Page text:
Has the political climate in the United States got you down? Wondering what you can do to help? Want to hear from diverse voices who are knowledgeable about the issues at hand and who are living alongside the rest of us, trying to make it one day at a time?
Read this book.
“Nasty Women: Feminism, Resistance, and Revolution in Trump’s America,” edited by Samhita Mukhopadhyay and Kate Harding, is a phenomenal read. I actually stumbled upon this book online a while back, and was excited for the chance to read it. My library didn’t have a copy on order yet, so I did what all good readers who don’t want to spend money at the bookstore do: I suggested it be added to the library’s collection!
Sure enough, it was. After ordering it back in October, I was able to pick it up about a month later and be the first to read this library copy. I am so glad I read this book. It made me feel, well… better. Less hopeless. Stronger. More fierce. More ready than ever to not give up and not back down.
“The average American household contains more than 300,000 possessions.”
Read that sentence. Now read it again and really consider it. Astounding, isn’t it?
It’s just one of the tidbits I learned in “Essential,” a book of essays written by The Minimalists. I known I’ve written about these guys before, but wanted to touch base on their book of essays, published in 2015. I requested my library purchase a copy and finally got my hands on it!
At its core, minimalism is about making you think. Rather than mindlessly buying more “stuff,” think about WHY you’re doing it. Rather than stashing things in your closet to collect dust for months, think about WHY you’re doing it. In a world of often-mindless consumption and consumerism, it’s nice to take a step back and think about WHY we own the things we own, WHY we do the things we do, etc.
What value is this [object/person/job/relationship/experience/etc.] bringing to your life?
That’s the question we should all be asking ourselves, and it’s definitely one I need to ask more often. The Minimalists look at that question from a number of perspectives, and in respect to various subjects, in the course of their essays in this book.
Having followed the hockey career of Edmonton Oilers prodigy Connor McDavid since his entrance into the Ontario Hockey League several years ago, I was certainly interested in picking up the book “The McDavid Effect: Connor McDavid and the New Hope for Hockey.”
Since my library didn’t own a copy, I put in an interlibrary loan request, and the book arrived shortly after from the library at St. Lawrence University. The really interesting thing about this book is how new it is; it was released in October 2016, making it less than a year old. It speaks on a lot of history, but also includes a lot of relevant, very recent information. I don’t know that I’ve ever read such an up-to-date book.
Although the title of this book starts with “The McDavid Effect,” it is not just about Connor McDavid. Instead, it is about McDavid and his path through junior hockey and into the NHL, even through his rookie season, yes; but it is also about the Edmonton Oilers franchise, then and now. It is a captivating story that discusses the history of the Oilers franchise, their glory years, their downfall, and now, the arrival of McDavid and the new hope that it has brought to the city & franchise.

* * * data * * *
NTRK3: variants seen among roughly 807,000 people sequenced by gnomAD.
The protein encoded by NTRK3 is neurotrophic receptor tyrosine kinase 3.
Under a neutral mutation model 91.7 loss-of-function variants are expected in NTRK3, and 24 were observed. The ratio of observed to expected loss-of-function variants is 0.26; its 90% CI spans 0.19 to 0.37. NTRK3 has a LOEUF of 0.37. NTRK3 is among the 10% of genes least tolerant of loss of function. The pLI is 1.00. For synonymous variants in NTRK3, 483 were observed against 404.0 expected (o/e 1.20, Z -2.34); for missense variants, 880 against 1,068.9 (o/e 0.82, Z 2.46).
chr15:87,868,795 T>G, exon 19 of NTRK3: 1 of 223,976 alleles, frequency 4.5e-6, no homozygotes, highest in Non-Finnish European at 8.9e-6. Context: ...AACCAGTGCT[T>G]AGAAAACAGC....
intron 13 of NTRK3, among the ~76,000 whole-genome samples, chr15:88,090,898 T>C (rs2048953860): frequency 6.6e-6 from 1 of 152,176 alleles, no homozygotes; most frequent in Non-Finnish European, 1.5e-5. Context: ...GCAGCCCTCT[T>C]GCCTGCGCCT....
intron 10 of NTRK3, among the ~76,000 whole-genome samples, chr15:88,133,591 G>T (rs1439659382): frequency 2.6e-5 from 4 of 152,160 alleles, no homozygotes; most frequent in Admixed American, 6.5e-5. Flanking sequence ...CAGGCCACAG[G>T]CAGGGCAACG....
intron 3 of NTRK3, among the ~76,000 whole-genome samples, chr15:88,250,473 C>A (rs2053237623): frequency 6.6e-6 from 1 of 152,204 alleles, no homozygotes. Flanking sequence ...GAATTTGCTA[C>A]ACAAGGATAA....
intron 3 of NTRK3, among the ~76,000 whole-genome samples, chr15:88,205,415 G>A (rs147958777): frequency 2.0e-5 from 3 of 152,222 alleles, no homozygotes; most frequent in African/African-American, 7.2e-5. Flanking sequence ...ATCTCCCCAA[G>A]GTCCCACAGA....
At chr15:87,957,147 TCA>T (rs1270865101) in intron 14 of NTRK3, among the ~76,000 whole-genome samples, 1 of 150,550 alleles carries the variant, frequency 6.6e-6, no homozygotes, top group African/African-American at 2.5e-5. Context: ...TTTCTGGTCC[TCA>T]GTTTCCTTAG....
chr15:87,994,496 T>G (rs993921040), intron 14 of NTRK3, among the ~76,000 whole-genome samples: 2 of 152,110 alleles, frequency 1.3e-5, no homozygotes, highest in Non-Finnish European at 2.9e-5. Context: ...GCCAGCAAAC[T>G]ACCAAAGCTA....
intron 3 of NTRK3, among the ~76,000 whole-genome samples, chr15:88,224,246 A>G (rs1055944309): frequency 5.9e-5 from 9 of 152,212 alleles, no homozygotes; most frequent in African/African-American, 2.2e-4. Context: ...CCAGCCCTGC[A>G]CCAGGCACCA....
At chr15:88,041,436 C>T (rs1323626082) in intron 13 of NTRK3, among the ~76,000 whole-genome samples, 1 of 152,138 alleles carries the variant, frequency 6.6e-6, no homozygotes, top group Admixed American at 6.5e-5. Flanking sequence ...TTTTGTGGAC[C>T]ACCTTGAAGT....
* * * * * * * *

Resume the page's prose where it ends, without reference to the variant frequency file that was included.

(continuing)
Lately, this site has turned into “book review” central. But what can I say? I’ve been reading a lot of gems recently and have enjoyed writing about them, in the hopes that others will be inspired to pick them up themselves. Sorry – not sorry.
Funnily enough, that’s the title of the book I’m sitting down to review today; actress, singer, celebrity Naya Rivera’s autobiography: “Sorry Not Sorry.”
Before I delve into my review, I have to point out: I picked up this book largely because I followed Rivera during her time on the hit TV show Glee. I was a “Gleek,” as they called us, watched the show devotedly when it aired (and even after) and saw the in-concert show twice.
Seeing her book ready to hit the shelves absolutely intrigued me, and I knew I had to pick it up. I put in a request at my local library, and shortly after the book was released, it came into my eager hands.
To follow up on reading Sarah Shephard’s book about women in sport, I decided I wanted to keep going on the topic, so I went ahead and picked up Jaime Schultz’s 2014 title, “Qualifying Times: Points of Change in U.S. Women’s Sport.”
Having read both, I can’t help but be happy that I picked both of them up. While the topic seems the same, and certainly both books do touch on some of the same issues and both historic and current situations, they’re from two different perspectives. Shephard’s book focuses largely (but not exclusively) on women in sport in the UK. She does make reference to several points of US women’s sports, but by and large, a lot of what she’s focused on is overseas. Thus, in comes Schultz’s book, which focuses almost exclusively on the American side of things. Read one after the other, they seem to nicely fit together, fill in some gaps and have given me a better overarching perspective on women’s sports.
Alright – back to Schultz’s book.
I was hooked from the introduction of this book, which is literally titled: The Politics of the Ponytail. Have I ever thought of the ponytail in terms of sports? Not particularly, at least until now. Showcasing how this hairstyle ties into discussions about gender, age, sexuality, sexualization and femininity, Schultz does a phenomenal job of capturing the reader’s attention from the get-go. Boom. Let’s go.